Kristen Diemer. Bobolinks are a
Threatened species (in Canada and
Ontario). Although the major driver
behind their population declines is hotly
debated, recovery can still be assisted
by seeking management options that
improve reproduction on the breeding
grounds. Kristen is examining how
Bobolinks and other grassland fauna respond to hay harvest that occurs very early, at the traditional time, and late in the season.
Philina English. Aerial insectivores have undergone dramatic population declines. The nightjars, such as Whip-poor-wills, are a unique subset of that guild; they occupy the unusual niche of "crepuscular insectivores" and so maintain a different diet and habit. Despite their dissimilarity to the guild, they are nonetheless declining and Philina aims to figure out why. Her Ph.D. (at Simon Fraser University, under the co-supervision of David Green) work is examining the role of habitat, insect abundance, and interspecific competition on this interesting species.
Melanie Farquhar. Chimney Swifts are a threatened species in Canada. Swifts are unique in that they use certain chimneys for breeding and others for roosting. A pertinent conservation question that needs answering is how do swifts select and use such roosts? In collaboration with Atomic Energy of Canada Ltd., Melanie is examining movement between (or fidelity to) particular roost sites, what features constitute preferred roosts, and how swifts use space within those roosts to thermoregulate.
Josh Feltham. The five-lined skink in Ontario is divided into two groups: an endangered population in southwest, and a special concern population on the Canadian Shield. Despite their commonness relative to the southern population, the Shield population has received much less study. Josh's continuing work with a well-marked population and a spatially explicit dataset allows us to answer some important lingering questions. What is the relative population size? What habitat features does this population seek? Because they occur in clusters, and primarily in patchy open crags, we can also test intraspecific behavioural mechanisms for that habitat use.
Barbara Frei. Where have all
the Red-headed Woodpeckers
gone? This is a question that
Barbara is trying to answer as
part of her PhD (which she is
pursuing under the co-supervision
of Jim Fyles at McGill University).
By investigating community
interactions (e.g., competition with
other woodpeckers), habitat loss,
and nest-tree selection, we hope to determine what is keeping the red-headed woodpecker a federally Threatened species.
Sarah McGuire. Populations of a number of
grassland bird species are in decline, prompting
the listing of some species such as Bobolink. A
major barrier to developing recovery strategies
for these species (in Ontario, anyway) is that we
have few data outside of hayfields on what
types of agricultural lands these species will
occupy. In collaboration with the Nature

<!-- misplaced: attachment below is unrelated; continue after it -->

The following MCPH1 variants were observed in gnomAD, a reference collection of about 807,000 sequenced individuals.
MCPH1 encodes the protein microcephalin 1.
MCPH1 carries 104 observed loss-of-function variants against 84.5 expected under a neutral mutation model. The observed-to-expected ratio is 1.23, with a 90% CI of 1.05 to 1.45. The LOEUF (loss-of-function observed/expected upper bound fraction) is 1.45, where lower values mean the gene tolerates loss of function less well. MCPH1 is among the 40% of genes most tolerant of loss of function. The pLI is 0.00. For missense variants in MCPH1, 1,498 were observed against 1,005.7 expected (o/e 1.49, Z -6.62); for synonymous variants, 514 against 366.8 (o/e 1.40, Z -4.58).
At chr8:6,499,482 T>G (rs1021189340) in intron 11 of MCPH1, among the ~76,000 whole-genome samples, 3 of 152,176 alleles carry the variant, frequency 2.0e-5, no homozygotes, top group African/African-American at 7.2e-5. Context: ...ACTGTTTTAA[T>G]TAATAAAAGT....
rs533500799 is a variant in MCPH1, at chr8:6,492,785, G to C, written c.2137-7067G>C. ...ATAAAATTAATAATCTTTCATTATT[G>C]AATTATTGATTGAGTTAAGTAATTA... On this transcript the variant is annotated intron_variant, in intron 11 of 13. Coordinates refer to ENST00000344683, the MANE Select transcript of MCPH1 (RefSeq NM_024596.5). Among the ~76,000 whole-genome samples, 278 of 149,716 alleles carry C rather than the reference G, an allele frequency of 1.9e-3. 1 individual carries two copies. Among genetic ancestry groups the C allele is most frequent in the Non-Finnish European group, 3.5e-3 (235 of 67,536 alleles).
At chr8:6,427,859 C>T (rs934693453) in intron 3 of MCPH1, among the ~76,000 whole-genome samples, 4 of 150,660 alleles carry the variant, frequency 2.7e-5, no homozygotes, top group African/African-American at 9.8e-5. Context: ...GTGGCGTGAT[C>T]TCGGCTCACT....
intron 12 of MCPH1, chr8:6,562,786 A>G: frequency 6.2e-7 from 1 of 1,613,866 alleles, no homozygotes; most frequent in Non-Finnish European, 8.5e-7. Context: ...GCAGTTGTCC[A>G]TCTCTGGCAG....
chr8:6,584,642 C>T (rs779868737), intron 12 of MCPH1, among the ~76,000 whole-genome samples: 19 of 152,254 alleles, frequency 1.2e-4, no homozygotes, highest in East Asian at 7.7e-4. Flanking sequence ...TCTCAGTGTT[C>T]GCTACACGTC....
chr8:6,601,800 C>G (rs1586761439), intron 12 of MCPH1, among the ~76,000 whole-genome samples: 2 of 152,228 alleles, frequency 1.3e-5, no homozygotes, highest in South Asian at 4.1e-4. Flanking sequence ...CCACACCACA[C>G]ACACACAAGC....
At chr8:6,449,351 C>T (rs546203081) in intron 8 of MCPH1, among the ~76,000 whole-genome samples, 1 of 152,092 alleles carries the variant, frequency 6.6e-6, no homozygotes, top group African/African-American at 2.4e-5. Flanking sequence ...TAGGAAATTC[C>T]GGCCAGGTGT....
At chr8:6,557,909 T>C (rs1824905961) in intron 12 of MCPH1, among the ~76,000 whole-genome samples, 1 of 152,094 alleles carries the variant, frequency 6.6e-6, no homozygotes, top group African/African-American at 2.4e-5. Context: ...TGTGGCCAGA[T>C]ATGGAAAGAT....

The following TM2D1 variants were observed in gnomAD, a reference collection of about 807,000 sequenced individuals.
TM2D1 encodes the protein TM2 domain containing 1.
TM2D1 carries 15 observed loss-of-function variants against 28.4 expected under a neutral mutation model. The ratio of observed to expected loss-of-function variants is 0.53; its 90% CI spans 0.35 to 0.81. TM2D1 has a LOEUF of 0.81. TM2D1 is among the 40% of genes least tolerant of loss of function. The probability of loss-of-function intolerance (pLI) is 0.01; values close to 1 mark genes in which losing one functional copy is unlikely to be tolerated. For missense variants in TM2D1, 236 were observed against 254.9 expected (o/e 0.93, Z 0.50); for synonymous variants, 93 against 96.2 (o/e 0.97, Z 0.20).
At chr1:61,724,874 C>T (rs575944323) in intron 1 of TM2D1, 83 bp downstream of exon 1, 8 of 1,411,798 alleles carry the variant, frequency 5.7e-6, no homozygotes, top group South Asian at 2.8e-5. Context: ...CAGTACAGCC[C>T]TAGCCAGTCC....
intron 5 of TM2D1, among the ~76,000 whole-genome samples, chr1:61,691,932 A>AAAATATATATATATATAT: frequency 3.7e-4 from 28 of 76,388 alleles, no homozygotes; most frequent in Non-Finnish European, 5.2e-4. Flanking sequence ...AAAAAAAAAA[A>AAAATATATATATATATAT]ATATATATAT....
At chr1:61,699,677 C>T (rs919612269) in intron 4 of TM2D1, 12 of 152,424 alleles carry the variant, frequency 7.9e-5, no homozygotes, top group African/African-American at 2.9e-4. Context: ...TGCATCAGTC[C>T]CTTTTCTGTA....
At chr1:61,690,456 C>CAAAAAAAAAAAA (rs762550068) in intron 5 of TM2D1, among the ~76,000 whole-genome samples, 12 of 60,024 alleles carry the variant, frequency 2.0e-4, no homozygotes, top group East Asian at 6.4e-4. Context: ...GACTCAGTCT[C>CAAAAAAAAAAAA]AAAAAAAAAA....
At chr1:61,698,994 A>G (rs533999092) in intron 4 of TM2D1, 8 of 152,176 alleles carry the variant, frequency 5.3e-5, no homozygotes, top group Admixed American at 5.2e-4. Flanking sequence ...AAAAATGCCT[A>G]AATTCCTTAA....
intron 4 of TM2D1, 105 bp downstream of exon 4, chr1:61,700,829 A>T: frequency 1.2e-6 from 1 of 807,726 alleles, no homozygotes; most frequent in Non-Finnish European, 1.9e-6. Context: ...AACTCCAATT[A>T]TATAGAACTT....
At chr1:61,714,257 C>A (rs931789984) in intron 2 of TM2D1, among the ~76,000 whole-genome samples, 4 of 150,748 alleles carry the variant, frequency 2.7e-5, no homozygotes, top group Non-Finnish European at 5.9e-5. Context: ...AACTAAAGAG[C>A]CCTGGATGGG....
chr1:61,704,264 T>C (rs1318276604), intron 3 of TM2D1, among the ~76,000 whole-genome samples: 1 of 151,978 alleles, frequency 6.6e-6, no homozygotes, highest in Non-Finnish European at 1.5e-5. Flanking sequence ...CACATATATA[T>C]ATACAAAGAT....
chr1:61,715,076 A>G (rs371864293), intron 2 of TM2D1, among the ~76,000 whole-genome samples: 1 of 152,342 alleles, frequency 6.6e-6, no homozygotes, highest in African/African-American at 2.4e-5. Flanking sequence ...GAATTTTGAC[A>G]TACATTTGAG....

Conservancy of Canada, Sarah is examining the
community structure of birds on farm and
grasslands of all types in south-central Ontario. She is also using BACI-type experiments to
test hypotheses about why avian communities
are so structured at these sites.
Greg Rand. Imagine a mining
operation next to your house. Would it
stress you out? Would that stress lead to behavioural changes? That is what Greg
has set about studying in the form of
identifying the effect of industrial
mine-activity on the stress physiology of
Whip-poor-wills. Under the co-supervision of Dr. Gary Burness at Trent University,
Greg is monitoring the nesting behaviour
and hormonal response of birds in a a mining zone in northwestern Ontario. This project is a collaboration of OMNR, Trent, and Rainy River Resources.
Hazel Wheeler. The only
attempt to describe the daily
movements of Chimney Swifts
was an anecdotal study of a few
pairs in 1958. Hazel seeks to
rectify this - she began her MSc
research in 2010 to continually
(every few seconds, all summer)
radio-track Chimney Swifts and
their foraging behaviour. Some
important questions will be answered: What is the relevance of waterbodies to foraging? How do swifts balance time between foraging, incubating, and roosting? These and many more questions have policy implications for this threatened species.
Lucy Brown is a Biologist with the Ontario Ministry of Natural Resources. She joined the Nocera Lab to study Species-at-Risk in 2010, after having spent more than a decade studying raccoon rabies in Ontario. Her MSc background is in avian ecology, which meshes well with her current endeavours. She is leading a spatially explicit study of breeding grassland birds and assists with many other projects, such as our winter work on Snow Buntings and Horned Larks.
Val von Zuben is a Technician with the Ontario Ministry of Natural Resources. She joined the Nocera Lab to study Species-at-Risk in 2010, after having spent many years studying raccoon rabies in Ontario. She is leading a study on determing diet of American badgers in the province and assists with many other projects, such as our winter work on Snow Buntings and Horned Larks.
Lab NewsUpcoming defence
On Monday, Dec 3, Hazel Wheeler will be defending her thesis on Chimney Swifts. 10:00 a.m. in room 107.1 of Blackbrun Hall.Did you know...
...that we have TWO subspecies of American badger in Ontario?
A 2012 paper by lab alum Danielle Ethier and collaborators illustrates that badgers in northwestern Ontario (when they are there) are likely members of the common midwestern subspecies; whereas badgers in southwestern Ontario are indeed of the rare jacksoni and in need of special management.Congrats to Leah...
Leah successfully defended her MSc in fall 2011, and her first chapter on chimney swift towers has been published in Condor! Further, her second chapter was a valuable part of the recent Proc B paper. Well done!